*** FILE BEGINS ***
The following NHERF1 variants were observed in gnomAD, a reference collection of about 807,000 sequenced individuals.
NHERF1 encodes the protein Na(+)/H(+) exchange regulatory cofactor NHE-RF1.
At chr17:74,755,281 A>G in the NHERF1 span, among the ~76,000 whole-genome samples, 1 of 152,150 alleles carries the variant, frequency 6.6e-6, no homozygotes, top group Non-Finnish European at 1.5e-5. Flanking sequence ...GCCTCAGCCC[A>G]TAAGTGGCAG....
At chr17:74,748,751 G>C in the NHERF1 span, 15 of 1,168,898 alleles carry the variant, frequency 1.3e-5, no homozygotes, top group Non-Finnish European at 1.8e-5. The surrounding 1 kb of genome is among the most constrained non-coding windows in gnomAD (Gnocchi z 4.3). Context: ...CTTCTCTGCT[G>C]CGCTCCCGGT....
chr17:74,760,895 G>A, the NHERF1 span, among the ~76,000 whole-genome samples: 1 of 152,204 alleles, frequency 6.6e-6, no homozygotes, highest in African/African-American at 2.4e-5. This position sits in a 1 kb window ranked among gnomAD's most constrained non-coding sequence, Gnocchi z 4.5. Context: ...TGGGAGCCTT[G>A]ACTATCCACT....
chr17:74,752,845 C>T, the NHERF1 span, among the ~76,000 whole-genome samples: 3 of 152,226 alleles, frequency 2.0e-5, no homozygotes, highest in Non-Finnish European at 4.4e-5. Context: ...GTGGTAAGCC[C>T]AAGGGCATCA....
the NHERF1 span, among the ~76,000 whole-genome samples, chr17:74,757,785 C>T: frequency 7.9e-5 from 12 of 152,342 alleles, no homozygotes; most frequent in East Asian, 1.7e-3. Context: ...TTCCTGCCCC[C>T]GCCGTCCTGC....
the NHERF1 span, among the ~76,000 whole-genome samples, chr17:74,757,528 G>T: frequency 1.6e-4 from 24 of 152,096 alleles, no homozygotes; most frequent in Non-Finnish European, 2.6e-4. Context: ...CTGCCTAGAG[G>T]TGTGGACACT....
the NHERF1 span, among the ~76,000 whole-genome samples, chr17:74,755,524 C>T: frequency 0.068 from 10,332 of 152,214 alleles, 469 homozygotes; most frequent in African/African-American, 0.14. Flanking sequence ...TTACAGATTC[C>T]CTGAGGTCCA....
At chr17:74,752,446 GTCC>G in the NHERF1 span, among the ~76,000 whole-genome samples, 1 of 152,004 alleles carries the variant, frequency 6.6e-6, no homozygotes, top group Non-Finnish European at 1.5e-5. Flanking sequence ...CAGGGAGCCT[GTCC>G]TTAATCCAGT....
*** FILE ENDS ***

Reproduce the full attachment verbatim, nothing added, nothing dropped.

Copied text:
The following NHERF1 variants were observed in gnomAD, a reference collection of about 807,000 sequenced individuals.
NHERF1 encodes the protein Na(+)/H(+) exchange regulatory cofactor NHE-RF1.
At chr17:74,755,281 A>G in the NHERF1 span, among the ~76,000 whole-genome samples, 1 of 152,150 alleles carries the variant, frequency 6.6e-6, no homozygotes, top group Non-Finnish European at 1.5e-5. Flanking sequence ...GCCTCAGCCC[A>G]TAAGTGGCAG....
At chr17:74,748,751 G>C in the NHERF1 span, 15 of 1,168,898 alleles carry the variant, frequency 1.3e-5, no homozygotes, top group Non-Finnish European at 1.8e-5. The surrounding 1 kb of genome is among the most constrained non-coding windows in gnomAD (Gnocchi z 4.3). Context: ...CTTCTCTGCT[G>C]CGCTCCCGGT....
chr17:74,760,895 G>A, the NHERF1 span, among the ~76,000 whole-genome samples: 1 of 152,204 alleles, frequency 6.6e-6, no homozygotes, highest in African/African-American at 2.4e-5. This position sits in a 1 kb window ranked among gnomAD's most constrained non-coding sequence, Gnocchi z 4.5. Context: ...TGGGAGCCTT[G>A]ACTATCCACT....
chr17:74,752,845 C>T, the NHERF1 span, among the ~76,000 whole-genome samples: 3 of 152,226 alleles, frequency 2.0e-5, no homozygotes, highest in Non-Finnish European at 4.4e-5. Context: ...GTGGTAAGCC[C>T]AAGGGCATCA....
the NHERF1 span, among the ~76,000 whole-genome samples, chr17:74,757,785 C>T: frequency 7.9e-5 from 12 of 152,342 alleles, no homozygotes; most frequent in East Asian, 1.7e-3. Context: ...TTCCTGCCCC[C>T]GCCGTCCTGC....
the NHERF1 span, among the ~76,000 whole-genome samples, chr17:74,757,528 G>T: frequency 1.6e-4 from 24 of 152,096 alleles, no homozygotes; most frequent in Non-Finnish European, 2.6e-4. Context: ...CTGCCTAGAG[G>T]TGTGGACACT....
the NHERF1 span, among the ~76,000 whole-genome samples, chr17:74,755,524 C>T: frequency 0.068 from 10,332 of 152,214 alleles, 469 homozygotes; most frequent in African/African-American, 0.14. Flanking sequence ...TTACAGATTC[C>T]CTGAGGTCCA....
At chr17:74,752,446 GTCC>G in the NHERF1 span, among the ~76,000 whole-genome samples, 1 of 152,004 alleles carries the variant, frequency 6.6e-6, no homozygotes, top group Non-Finnish European at 1.5e-5. Flanking sequence ...CAGGGAGCCT[GTCC>G]TTAATCCAGT....